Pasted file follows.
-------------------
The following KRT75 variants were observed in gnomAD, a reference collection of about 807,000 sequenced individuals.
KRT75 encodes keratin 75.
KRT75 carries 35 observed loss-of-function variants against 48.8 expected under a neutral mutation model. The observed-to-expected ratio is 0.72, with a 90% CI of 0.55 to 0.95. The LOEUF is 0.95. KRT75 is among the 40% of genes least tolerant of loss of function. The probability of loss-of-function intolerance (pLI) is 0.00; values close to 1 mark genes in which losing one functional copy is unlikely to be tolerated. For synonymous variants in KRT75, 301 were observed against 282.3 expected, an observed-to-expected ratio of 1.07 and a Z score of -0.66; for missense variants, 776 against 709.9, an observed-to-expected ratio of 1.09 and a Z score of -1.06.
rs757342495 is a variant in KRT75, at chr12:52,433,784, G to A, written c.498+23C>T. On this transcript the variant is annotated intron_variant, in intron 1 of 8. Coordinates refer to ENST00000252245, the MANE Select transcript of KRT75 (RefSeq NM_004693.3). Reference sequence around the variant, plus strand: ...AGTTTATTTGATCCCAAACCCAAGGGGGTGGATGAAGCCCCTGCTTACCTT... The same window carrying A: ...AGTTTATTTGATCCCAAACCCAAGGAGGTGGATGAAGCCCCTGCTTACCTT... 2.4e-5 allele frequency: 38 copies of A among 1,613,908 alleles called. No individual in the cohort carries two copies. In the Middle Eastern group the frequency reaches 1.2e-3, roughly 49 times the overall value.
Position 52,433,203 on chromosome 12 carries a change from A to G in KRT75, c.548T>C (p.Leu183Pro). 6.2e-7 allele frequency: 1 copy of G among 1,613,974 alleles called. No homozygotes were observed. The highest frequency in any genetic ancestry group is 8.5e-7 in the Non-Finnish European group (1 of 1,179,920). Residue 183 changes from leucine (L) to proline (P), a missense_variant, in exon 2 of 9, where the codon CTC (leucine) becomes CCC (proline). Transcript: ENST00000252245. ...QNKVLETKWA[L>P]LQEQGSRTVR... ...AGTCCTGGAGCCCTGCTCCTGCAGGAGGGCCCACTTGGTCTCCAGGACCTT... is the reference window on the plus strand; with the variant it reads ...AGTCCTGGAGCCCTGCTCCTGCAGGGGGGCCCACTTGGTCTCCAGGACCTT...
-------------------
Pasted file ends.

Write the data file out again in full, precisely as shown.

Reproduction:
The following KRT75 variants were observed in gnomAD, a reference collection of about 807,000 sequenced individuals.
KRT75 encodes keratin 75.
KRT75 carries 35 observed loss-of-function variants against 48.8 expected under a neutral mutation model. The observed-to-expected ratio is 0.72, with a 90% CI of 0.55 to 0.95. The LOEUF is 0.95. KRT75 is among the 40% of genes least tolerant of loss of function. The probability of loss-of-function intolerance (pLI) is 0.00; values close to 1 mark genes in which losing one functional copy is unlikely to be tolerated. For synonymous variants in KRT75, 301 were observed against 282.3 expected, an observed-to-expected ratio of 1.07 and a Z score of -0.66; for missense variants, 776 against 709.9, an observed-to-expected ratio of 1.09 and a Z score of -1.06.
rs757342495 is a variant in KRT75, at chr12:52,433,784, G to A, written c.498+23C>T. On this transcript the variant is annotated intron_variant, in intron 1 of 8. Coordinates refer to ENST00000252245, the MANE Select transcript of KRT75 (RefSeq NM_004693.3). Reference sequence around the variant, plus strand: ...AGTTTATTTGATCCCAAACCCAAGGGGGTGGATGAAGCCCCTGCTTACCTT... The same window carrying A: ...AGTTTATTTGATCCCAAACCCAAGGAGGTGGATGAAGCCCCTGCTTACCTT... 2.4e-5 allele frequency: 38 copies of A among 1,613,908 alleles called. No individual in the cohort carries two copies. In the Middle Eastern group the frequency reaches 1.2e-3, roughly 49 times the overall value.
Position 52,433,203 on chromosome 12 carries a change from A to G in KRT75, c.548T>C (p.Leu183Pro). 6.2e-7 allele frequency: 1 copy of G among 1,613,974 alleles called. No homozygotes were observed. The highest frequency in any genetic ancestry group is 8.5e-7 in the Non-Finnish European group (1 of 1,179,920). Residue 183 changes from leucine (L) to proline (P), a missense_variant, in exon 2 of 9, where the codon CTC (leucine) becomes CCC (proline). Transcript: ENST00000252245. ...QNKVLETKWA[L>P]LQEQGSRTVR... ...AGTCCTGGAGCCCTGCTCCTGCAGGAGGGCCCACTTGGTCTCCAGGACCTT... is the reference window on the plus strand; with the variant it reads ...AGTCCTGGAGCCCTGCTCCTGCAGGGGGGCCCACTTGGTCTCCAGGACCTT...